By Sidra Tariq, Dubai
Statistics indicate that GCC countries have the highest rate of public sector employment in the world. But this sector will not be able to accommodate the scores of local talent entering the workforce. Hence, nationalization is high on the agenda for a number of GCC governments, who are looking to encourage the private sector to employ nationals. Over the years, the authorities have been using different ways to generate more jobs for its citizens, such as imposing quota systems for private sector companies and cracking down on illegal workers. In the past year, some countries have proposed stricter measures to address the issue of unemployment among nationals. The Ministry of Manpower in Oman, for example, recently announced that it will limit the percentage of expatriates working in the private sector from 39 percent to 33 percent. According to figures shared during the announcement, only 244,698 nationals work for Oman’s private sector, compared to 1,308,981 expatriates. Approximately 242,904 expatriates work in special service as well. Sara Khoja, who specializes in employment law and is a partner at legal outfit, Clyde & Co, says there were also talks in Oman of putting a tax on remittances, but the proposal is unlikely to be implemented as it is facing strong criticism. Meanwhile, Kuwait has been working on plans to curb the expatriate population, which accounts for roughly two-thirds of the country’s total populace. Last year, the Minister for Social Affairs and Labor, Thekra Al-Rasheedi, announced plans to reduce the number of expatriates in the country by more than one million by 2023 – approximately 100,000 every year. “It’s part of the ministry’s efforts to regulate the labor market, curb the phenomenon of marginal labor and restore the demographic equilibrium of the country,” she had said in a statement to the Kuwait news agency (Kuna). In February 2012, member of parliament Abdullah Al Tamimi proposed that in order to adjust Kuwait’s demographic balance, the country should impose a five-year residency cap for expatriates and ask 20 percent of foreigners to leave every year.
SHORT-TERM VS. LONG-TERM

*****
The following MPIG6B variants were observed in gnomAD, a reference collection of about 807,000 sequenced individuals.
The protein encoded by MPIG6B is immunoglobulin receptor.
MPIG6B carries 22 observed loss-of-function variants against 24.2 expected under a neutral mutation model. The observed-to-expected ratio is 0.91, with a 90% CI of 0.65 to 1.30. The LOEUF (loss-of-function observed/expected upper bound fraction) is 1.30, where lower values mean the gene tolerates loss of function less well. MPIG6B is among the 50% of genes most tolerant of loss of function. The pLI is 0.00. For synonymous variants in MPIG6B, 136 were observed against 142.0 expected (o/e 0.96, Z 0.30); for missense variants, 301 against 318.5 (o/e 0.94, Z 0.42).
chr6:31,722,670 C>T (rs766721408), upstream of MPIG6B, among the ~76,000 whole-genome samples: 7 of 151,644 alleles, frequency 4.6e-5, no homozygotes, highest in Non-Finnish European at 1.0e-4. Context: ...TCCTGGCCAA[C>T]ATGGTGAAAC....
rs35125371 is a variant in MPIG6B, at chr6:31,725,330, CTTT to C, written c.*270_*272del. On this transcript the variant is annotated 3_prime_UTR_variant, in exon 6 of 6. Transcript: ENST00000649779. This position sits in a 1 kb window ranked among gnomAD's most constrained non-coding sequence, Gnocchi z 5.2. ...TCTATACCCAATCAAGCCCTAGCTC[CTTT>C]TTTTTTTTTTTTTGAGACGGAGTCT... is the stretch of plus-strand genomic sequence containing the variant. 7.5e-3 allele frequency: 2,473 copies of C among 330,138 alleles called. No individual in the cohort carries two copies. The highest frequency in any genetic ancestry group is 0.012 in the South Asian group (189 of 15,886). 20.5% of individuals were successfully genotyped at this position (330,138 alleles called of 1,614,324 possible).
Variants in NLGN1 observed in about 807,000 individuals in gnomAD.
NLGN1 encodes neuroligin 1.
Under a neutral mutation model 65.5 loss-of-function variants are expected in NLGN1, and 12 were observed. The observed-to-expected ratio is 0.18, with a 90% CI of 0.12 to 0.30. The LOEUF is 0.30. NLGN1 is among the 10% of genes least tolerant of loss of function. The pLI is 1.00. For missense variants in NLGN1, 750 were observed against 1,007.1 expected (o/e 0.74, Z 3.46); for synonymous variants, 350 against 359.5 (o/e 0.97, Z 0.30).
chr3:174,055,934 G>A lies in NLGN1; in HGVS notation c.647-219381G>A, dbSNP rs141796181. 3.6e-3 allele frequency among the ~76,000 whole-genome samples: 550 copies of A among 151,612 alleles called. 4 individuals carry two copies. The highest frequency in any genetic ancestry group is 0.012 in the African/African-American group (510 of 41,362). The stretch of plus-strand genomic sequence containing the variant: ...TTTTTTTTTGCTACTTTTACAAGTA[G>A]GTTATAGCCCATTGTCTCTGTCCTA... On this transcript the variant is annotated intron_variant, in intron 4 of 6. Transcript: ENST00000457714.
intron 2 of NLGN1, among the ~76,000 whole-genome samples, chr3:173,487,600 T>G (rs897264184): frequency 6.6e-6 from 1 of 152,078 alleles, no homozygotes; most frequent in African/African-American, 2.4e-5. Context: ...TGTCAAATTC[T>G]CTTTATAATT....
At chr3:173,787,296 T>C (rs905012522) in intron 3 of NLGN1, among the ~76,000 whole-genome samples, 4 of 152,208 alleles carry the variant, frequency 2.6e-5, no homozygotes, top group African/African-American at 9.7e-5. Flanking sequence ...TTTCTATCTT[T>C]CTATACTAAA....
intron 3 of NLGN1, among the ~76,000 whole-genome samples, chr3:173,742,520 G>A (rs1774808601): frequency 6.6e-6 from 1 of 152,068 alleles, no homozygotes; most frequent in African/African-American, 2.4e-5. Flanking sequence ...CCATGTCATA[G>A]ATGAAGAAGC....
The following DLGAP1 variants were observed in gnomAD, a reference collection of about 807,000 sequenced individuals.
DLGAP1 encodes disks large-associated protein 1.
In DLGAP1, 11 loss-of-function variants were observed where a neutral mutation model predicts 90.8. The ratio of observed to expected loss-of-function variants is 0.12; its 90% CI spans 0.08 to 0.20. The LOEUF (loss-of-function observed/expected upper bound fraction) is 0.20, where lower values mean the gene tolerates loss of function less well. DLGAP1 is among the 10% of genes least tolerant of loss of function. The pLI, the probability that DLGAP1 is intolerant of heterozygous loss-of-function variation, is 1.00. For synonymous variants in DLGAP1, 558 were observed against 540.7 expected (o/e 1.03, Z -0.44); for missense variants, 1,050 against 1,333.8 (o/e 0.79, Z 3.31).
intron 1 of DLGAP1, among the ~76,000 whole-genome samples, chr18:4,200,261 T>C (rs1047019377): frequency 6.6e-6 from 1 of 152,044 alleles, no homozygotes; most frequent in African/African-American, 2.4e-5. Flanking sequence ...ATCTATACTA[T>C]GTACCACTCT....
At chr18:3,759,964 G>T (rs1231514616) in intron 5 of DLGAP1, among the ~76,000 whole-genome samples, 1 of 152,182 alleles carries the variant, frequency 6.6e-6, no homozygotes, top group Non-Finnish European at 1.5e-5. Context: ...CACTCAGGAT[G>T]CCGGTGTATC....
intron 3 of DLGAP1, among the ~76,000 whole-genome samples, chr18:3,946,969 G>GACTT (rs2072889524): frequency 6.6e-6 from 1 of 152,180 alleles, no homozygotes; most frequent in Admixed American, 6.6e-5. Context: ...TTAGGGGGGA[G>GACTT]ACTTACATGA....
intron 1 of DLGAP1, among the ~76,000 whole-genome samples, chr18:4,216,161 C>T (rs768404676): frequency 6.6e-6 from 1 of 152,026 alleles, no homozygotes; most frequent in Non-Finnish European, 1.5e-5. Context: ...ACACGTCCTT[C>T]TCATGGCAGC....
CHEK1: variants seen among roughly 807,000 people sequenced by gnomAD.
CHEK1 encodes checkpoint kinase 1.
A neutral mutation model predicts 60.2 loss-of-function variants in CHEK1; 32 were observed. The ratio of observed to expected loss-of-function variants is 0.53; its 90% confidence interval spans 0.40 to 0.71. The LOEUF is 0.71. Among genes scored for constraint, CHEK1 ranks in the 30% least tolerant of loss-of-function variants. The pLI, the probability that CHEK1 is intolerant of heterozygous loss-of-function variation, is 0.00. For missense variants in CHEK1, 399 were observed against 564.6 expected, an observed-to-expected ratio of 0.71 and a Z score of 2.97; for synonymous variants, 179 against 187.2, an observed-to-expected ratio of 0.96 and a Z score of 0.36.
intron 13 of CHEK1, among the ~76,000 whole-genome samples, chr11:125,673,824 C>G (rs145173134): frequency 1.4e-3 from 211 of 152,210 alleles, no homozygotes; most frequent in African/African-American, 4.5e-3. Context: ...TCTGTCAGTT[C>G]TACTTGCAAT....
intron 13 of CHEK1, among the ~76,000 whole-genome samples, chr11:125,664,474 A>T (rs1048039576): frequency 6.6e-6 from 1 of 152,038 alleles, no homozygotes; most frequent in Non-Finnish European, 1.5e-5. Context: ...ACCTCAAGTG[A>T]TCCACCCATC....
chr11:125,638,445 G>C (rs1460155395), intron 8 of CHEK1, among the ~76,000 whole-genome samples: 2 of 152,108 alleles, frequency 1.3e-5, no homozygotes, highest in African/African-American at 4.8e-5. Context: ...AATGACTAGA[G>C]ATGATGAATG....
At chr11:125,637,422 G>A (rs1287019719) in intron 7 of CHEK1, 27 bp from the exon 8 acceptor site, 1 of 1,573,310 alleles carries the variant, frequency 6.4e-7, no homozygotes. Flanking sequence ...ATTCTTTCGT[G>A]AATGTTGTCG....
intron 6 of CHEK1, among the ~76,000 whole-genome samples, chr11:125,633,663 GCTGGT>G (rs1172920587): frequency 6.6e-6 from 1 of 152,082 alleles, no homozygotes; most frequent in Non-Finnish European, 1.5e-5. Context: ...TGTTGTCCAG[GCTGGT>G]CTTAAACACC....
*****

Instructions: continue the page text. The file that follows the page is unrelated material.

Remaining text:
The feasibility of limiting the expat population to address national unemployment has come under debate. Khoja says that, in terms of sheer numbers, a residency cap on expats could prove some results, as the gap left by foreigners will have to be filled. Meanwhile, Professor William Scott-Jackson, chairman of Oxford Strategic Consulting, says that it may have a very short-term effect, but will not result in any long-term benefit. “Focusing on increasing the talent of nationals or the availability of national talent is much more productive than reducing the number of expatriates,” he says. Saudi Arabia is another GCC state that was mulling over a proposal this year to restrict the period of time foreigners can stay in the country to about eight years. In August 2011, the kingdom had introduced Nitaqat, a Saudization point system which categorizes companies according to how effective they are in employing nationals. Companies that didn’t meet the required national employment quotas or refused to hire locals were classified in the yellow or red categories, with the latter likely to face penalties. The new proposal sought to expand Nitaqat by implementing a point system where an expatriate is only allowed to accumulate up to three points if he or she wishes to stay in the county. The points are based on factors such as worker salary, duration of residence, and the number of family members. “At the time they said the plan was that if [your company is] in yellow or red, you would have a cap put on your visas for foreign employees so that they could only stay approximately eight years. But this year they pulled back and said they are going to postpone into launching that,” says Khoja. “The other thing that is happening in Saudi is that when foreign businesses are coming in to get licensed, they are being asked at the beginning of the whole process to show the licensing authority what their plans are to employ Saudi nationals; it actually has to be built in to the business plan.”